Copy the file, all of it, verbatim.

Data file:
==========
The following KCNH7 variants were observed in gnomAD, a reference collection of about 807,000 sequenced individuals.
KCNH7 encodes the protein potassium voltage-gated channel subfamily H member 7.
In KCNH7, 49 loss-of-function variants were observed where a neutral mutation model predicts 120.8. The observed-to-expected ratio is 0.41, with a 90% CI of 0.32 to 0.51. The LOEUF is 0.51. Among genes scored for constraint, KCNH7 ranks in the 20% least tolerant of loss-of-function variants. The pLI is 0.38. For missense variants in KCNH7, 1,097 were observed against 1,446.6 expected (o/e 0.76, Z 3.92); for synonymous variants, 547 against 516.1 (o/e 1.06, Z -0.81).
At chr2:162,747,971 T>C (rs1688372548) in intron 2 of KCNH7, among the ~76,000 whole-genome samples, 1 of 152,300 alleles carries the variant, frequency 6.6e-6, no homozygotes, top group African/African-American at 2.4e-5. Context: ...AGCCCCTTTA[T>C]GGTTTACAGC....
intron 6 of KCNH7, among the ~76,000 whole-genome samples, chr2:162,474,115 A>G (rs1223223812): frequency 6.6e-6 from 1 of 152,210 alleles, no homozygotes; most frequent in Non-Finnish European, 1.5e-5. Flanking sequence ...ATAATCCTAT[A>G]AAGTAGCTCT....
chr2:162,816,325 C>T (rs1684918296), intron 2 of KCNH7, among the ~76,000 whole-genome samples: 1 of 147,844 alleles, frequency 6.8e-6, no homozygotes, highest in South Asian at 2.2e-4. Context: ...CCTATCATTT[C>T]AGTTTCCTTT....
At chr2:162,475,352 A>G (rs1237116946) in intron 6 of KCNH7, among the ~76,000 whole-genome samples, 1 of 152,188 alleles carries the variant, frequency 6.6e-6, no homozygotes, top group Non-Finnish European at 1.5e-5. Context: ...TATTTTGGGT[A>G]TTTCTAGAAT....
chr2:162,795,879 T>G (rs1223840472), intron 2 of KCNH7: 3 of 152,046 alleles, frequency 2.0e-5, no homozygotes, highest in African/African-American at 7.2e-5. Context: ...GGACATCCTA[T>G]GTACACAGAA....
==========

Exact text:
The following KCNH7 variants were observed in gnomAD, a reference collection of about 807,000 sequenced individuals.
KCNH7 encodes the protein potassium voltage-gated channel subfamily H member 7.
In KCNH7, 49 loss-of-function variants were observed where a neutral mutation model predicts 120.8. The observed-to-expected ratio is 0.41, with a 90% CI of 0.32 to 0.51. The LOEUF is 0.51. Among genes scored for constraint, KCNH7 ranks in the 20% least tolerant of loss-of-function variants. The pLI is 0.38. For missense variants in KCNH7, 1,097 were observed against 1,446.6 expected (o/e 0.76, Z 3.92); for synonymous variants, 547 against 516.1 (o/e 1.06, Z -0.81).
At chr2:162,747,971 T>C (rs1688372548) in intron 2 of KCNH7, among the ~76,000 whole-genome samples, 1 of 152,300 alleles carries the variant, frequency 6.6e-6, no homozygotes, top group African/African-American at 2.4e-5. Context: ...AGCCCCTTTA[T>C]GGTTTACAGC....
intron 6 of KCNH7, among the ~76,000 whole-genome samples, chr2:162,474,115 A>G (rs1223223812): frequency 6.6e-6 from 1 of 152,210 alleles, no homozygotes; most frequent in Non-Finnish European, 1.5e-5. Flanking sequence ...ATAATCCTAT[A>G]AAGTAGCTCT....
chr2:162,816,325 C>T (rs1684918296), intron 2 of KCNH7, among the ~76,000 whole-genome samples: 1 of 147,844 alleles, frequency 6.8e-6, no homozygotes, highest in South Asian at 2.2e-4. Context: ...CCTATCATTT[C>T]AGTTTCCTTT....
At chr2:162,475,352 A>G (rs1237116946) in intron 6 of KCNH7, among the ~76,000 whole-genome samples, 1 of 152,188 alleles carries the variant, frequency 6.6e-6, no homozygotes, top group Non-Finnish European at 1.5e-5. Context: ...TATTTTGGGT[A>G]TTTCTAGAAT....
chr2:162,795,879 T>G (rs1223840472), intron 2 of KCNH7: 3 of 152,046 alleles, frequency 2.0e-5, no homozygotes, highest in African/African-American at 7.2e-5. Context: ...GGACATCCTA[T>G]GTACACAGAA....